One of Pittsylvania County’s favorite places was completely destroyed by a violent tornado on April 23, 1923. Here is a photograph of the aftermath:
Minnie Ola Scarce (1895-1960) snapped this picture of part of her family the day after the disaster at the ruins of the old mill. Her father John Thomas “Tap” Scarce (1861-1936) was the miller at Lanier’s Mill when his first four children were born. Tap married the former Lucy Emma Scearce (1868-1939) at Stewarts Creek Mill on March 15, 1888. When their first child, Sallie Ethel Scarce (Winn) was born on May 7, 1890, Tap was the miller at this mill. Three other children, Howard A. Scarce (1892-1923), Minnie Ola Scarce (Hubbard) (1895-1960), and Jennie Alice Scarce (Boaze) (b 1901), were born in the miller’s house across the road from the mill. Jennie is the girl in the white dress in the picture. A younger child, Geraldine F. Scarce (Braford) (b 1909), who was born at Payne’s Mill at Trelow on Sandy River, gave me this photograph. Geraldine went with Tap and her sisters from their house on Claiborne Street in Danville on April 24, 1923 to see his old workplace. Another sister Nellie Reaves Scarce (Yeatts) (b 1906 at Payne’s Mill) visited the ruins.
The “cyclone” left the sturdy building in total ruin. Large twelve-by-twelve beams were twisted and broken like toothpicks. Pieces of wood and tin were blown miles away. The wind even destroyed the wing of the mill dam and drained one of the area’s most popular swimming places.
Joe T. Law also remembered going to see the damage with his father Jim Law. He was a fifteen-year-old at the time. Joe said that the heavy four-foot-in-diameter millstone was thrown down Sandy Creek by the violent wind. Joe lived on my mail route, not so far from Geraldine, before I retired in 1992. They have since both died.
Jim Slaughter reported that a barrel of flour landed on his farm after flying a mile and a half.There was a widow, Mrs. Bailey, who missed her favorite mild cow after the tornado. Jim Slaughter, her neighbor, helped her search the surrounding area. They heard a moo and found the animal lying in a ditch with two broken legs. Mrs. Bailey refused to “put the animal out of it misery,” as thought to be the only option. With a horse and sled, the neighbors drug the cow back to her stable. The Veterinarian came and constructed a canvas sling with holes for the cow’s feet and a hole to allow milking. Mrs. Bailey fed, watered and milked the cow until it recovered.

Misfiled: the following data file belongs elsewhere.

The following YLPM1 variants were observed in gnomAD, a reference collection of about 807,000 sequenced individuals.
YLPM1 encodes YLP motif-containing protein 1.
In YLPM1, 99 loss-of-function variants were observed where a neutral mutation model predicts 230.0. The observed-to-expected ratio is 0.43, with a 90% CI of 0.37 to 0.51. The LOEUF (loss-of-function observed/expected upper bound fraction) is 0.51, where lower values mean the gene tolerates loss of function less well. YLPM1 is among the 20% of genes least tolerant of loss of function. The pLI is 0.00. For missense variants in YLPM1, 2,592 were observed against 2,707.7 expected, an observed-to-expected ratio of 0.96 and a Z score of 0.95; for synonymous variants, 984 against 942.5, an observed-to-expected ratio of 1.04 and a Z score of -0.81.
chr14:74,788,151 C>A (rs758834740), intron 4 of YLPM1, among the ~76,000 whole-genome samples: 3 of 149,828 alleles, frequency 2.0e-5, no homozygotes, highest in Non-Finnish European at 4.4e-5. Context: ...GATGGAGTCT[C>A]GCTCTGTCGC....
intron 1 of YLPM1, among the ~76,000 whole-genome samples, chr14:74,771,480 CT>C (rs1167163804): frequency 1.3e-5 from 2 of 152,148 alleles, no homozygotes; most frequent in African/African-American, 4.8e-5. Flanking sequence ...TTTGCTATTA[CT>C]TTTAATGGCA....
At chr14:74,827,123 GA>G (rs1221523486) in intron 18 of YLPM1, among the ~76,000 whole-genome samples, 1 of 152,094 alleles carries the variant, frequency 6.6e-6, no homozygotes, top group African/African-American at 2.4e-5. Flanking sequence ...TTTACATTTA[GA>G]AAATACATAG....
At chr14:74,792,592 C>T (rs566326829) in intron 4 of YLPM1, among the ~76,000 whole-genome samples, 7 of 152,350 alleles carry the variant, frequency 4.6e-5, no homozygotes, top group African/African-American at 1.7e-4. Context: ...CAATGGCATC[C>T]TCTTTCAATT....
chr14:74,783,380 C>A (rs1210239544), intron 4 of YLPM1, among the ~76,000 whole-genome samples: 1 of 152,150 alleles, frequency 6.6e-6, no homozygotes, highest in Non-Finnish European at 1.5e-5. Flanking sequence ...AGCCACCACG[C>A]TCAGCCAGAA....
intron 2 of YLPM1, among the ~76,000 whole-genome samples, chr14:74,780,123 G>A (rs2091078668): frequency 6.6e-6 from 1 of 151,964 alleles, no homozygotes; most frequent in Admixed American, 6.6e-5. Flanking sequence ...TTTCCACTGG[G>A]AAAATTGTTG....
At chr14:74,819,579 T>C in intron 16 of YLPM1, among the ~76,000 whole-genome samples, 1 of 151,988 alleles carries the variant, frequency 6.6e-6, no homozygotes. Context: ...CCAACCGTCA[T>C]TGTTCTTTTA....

The first mill at this site on Sandy Creek was built in 1788. In February of 1881, William S. Lanier and Rawley Robertson were granted a permit to build a mill at this site. The mill became known as Lanier’s Mill and Rawley Robertson operated a store in the area. The mill site was called “Gray’s old mill site” when Lanier and Robertson bought the property. The location in upstream of state road 863 (now called Lanier’s Mill Road) on Sandy Creek. Down Sandy Creek just over four miles (as the crow flies) is the site of the well-known Beavers’ Mill. See the site http://beaversmill.com/ for pictures and information about that mill.
Copyright 2008 Danny Ricketts
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